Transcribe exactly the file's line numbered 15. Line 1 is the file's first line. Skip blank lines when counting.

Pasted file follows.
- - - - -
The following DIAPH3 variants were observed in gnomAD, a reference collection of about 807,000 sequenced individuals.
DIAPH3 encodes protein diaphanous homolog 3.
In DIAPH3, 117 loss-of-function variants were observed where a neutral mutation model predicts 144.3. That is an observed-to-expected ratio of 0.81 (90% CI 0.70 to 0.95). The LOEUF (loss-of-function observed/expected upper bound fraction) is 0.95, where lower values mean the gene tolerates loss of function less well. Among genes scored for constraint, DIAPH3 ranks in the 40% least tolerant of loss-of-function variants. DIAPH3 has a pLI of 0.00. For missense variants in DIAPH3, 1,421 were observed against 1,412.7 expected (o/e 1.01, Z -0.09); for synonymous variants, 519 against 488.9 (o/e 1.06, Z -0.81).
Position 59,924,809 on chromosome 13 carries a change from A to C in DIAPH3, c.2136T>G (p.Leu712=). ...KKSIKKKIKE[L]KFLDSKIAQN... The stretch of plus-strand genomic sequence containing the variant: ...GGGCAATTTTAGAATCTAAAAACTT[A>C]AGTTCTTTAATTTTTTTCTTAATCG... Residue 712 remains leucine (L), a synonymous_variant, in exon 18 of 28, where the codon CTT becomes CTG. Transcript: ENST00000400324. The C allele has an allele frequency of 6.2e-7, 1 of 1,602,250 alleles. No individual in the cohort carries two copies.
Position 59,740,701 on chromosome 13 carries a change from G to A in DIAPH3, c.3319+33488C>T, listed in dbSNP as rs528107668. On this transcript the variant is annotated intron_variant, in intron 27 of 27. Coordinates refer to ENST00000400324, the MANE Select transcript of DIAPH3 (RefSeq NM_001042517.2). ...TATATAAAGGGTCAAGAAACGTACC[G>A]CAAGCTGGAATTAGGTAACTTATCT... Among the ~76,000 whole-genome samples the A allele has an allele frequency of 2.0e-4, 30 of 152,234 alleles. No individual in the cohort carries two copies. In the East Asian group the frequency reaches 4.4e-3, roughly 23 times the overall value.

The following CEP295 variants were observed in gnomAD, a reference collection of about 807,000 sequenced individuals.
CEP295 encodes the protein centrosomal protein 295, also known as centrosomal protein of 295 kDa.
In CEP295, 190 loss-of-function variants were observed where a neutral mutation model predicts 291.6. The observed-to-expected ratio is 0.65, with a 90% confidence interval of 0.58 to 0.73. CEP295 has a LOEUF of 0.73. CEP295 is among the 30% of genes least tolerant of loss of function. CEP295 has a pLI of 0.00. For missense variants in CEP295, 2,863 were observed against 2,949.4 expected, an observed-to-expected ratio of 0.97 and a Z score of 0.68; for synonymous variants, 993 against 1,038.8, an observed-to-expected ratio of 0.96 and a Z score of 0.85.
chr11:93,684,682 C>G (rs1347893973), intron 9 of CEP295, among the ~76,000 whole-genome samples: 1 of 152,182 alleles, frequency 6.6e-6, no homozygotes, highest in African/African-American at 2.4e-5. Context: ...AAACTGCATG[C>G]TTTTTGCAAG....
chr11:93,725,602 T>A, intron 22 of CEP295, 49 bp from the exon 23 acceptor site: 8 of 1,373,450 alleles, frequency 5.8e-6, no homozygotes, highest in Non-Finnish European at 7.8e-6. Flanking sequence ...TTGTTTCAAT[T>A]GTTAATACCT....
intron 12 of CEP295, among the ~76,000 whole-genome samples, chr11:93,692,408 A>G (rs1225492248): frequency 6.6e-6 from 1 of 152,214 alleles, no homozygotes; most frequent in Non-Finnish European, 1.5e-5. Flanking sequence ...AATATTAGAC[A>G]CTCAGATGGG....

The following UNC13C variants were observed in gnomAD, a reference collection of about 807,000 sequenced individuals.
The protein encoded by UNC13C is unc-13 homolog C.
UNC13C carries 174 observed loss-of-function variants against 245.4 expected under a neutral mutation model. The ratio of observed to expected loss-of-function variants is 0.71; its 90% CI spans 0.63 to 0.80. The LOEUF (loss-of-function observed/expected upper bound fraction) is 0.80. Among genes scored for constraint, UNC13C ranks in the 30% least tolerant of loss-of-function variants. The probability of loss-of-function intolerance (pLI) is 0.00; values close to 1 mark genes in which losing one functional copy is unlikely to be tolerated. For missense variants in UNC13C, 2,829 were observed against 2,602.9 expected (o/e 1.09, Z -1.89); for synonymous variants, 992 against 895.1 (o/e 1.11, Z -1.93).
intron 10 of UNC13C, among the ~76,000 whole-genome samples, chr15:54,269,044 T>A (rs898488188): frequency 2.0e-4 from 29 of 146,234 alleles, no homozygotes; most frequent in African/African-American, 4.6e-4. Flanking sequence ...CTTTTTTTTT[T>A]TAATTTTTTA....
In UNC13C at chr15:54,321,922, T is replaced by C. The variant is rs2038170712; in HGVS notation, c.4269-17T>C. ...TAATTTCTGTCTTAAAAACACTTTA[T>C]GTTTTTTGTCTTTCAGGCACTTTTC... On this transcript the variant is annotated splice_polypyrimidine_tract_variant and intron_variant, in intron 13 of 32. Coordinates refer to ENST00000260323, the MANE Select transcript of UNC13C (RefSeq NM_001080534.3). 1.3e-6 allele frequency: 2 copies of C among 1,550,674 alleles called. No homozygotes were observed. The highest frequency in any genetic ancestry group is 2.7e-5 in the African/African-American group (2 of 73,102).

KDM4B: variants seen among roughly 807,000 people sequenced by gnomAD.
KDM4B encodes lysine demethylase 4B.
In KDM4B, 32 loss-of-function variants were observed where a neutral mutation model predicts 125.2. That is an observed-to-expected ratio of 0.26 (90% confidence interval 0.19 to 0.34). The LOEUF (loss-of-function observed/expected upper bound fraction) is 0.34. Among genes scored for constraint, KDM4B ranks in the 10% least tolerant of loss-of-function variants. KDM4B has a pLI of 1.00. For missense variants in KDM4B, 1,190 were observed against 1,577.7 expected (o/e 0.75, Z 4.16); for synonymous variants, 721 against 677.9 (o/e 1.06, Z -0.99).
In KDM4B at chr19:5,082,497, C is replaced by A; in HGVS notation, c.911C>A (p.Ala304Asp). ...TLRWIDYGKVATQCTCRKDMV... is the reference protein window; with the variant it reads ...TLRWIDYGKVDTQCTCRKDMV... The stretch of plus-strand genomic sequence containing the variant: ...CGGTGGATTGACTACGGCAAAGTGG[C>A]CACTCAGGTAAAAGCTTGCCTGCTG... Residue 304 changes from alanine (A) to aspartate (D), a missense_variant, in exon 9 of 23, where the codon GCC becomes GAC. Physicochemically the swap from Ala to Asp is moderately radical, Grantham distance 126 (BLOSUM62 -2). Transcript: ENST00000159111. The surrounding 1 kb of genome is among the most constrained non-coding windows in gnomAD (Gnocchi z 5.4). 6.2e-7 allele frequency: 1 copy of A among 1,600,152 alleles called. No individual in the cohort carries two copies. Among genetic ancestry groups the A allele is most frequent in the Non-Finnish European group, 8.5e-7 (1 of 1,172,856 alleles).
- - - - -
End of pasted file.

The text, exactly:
intron 10 of UNC13C, among the ~76,000 whole-genome samples, chr15:54,269,044 T>A (rs898488188): frequency 2.0e-4 from 29 of 146,234 alleles, no homozygotes; most frequent in African/African-American, 4.6e-4. Flanking sequence ...CTTTTTTTTT[T>A]TAATTTTTTA....